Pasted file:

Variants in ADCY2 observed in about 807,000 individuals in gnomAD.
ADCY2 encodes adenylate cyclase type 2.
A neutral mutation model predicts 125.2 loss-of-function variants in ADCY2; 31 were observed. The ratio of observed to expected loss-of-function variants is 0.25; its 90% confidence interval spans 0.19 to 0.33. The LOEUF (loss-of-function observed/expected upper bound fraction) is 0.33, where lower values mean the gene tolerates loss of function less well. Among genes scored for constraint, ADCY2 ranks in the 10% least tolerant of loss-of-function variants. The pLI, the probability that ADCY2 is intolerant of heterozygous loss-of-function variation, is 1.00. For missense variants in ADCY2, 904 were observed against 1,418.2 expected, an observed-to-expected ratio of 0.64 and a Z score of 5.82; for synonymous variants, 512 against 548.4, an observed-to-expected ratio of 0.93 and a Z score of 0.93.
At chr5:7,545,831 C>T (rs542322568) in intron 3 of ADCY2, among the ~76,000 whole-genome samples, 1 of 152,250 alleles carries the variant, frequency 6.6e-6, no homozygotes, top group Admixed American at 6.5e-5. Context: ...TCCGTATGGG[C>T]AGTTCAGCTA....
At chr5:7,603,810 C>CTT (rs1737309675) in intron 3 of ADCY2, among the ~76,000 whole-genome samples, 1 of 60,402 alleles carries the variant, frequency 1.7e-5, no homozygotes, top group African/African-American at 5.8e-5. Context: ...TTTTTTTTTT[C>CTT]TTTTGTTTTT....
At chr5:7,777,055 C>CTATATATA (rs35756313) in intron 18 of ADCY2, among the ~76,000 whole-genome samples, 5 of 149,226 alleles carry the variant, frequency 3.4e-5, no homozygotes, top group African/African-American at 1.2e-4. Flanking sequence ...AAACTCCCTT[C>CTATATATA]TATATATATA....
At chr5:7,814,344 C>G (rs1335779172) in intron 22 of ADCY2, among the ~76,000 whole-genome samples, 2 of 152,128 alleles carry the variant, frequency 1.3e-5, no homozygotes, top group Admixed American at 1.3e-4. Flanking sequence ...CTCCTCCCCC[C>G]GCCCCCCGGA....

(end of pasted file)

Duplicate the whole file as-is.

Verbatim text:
Variants in ADCY2 observed in about 807,000 individuals in gnomAD.
ADCY2 encodes adenylate cyclase type 2.
A neutral mutation model predicts 125.2 loss-of-function variants in ADCY2; 31 were observed. The ratio of observed to expected loss-of-function variants is 0.25; its 90% confidence interval spans 0.19 to 0.33. The LOEUF (loss-of-function observed/expected upper bound fraction) is 0.33, where lower values mean the gene tolerates loss of function less well. Among genes scored for constraint, ADCY2 ranks in the 10% least tolerant of loss-of-function variants. The pLI, the probability that ADCY2 is intolerant of heterozygous loss-of-function variation, is 1.00. For missense variants in ADCY2, 904 were observed against 1,418.2 expected, an observed-to-expected ratio of 0.64 and a Z score of 5.82; for synonymous variants, 512 against 548.4, an observed-to-expected ratio of 0.93 and a Z score of 0.93.
At chr5:7,545,831 C>T (rs542322568) in intron 3 of ADCY2, among the ~76,000 whole-genome samples, 1 of 152,250 alleles carries the variant, frequency 6.6e-6, no homozygotes, top group Admixed American at 6.5e-5. Context: ...TCCGTATGGG[C>T]AGTTCAGCTA....
At chr5:7,603,810 C>CTT (rs1737309675) in intron 3 of ADCY2, among the ~76,000 whole-genome samples, 1 of 60,402 alleles carries the variant, frequency 1.7e-5, no homozygotes, top group African/African-American at 5.8e-5. Context: ...TTTTTTTTTT[C>CTT]TTTTGTTTTT....
At chr5:7,777,055 C>CTATATATA (rs35756313) in intron 18 of ADCY2, among the ~76,000 whole-genome samples, 5 of 149,226 alleles carry the variant, frequency 3.4e-5, no homozygotes, top group African/African-American at 1.2e-4. Flanking sequence ...AAACTCCCTT[C>CTATATATA]TATATATATA....
At chr5:7,814,344 C>G (rs1335779172) in intron 22 of ADCY2, among the ~76,000 whole-genome samples, 2 of 152,128 alleles carry the variant, frequency 1.3e-5, no homozygotes, top group Admixed American at 1.3e-4. Flanking sequence ...CTCCTCCCCC[C>G]GCCCCCCGGA....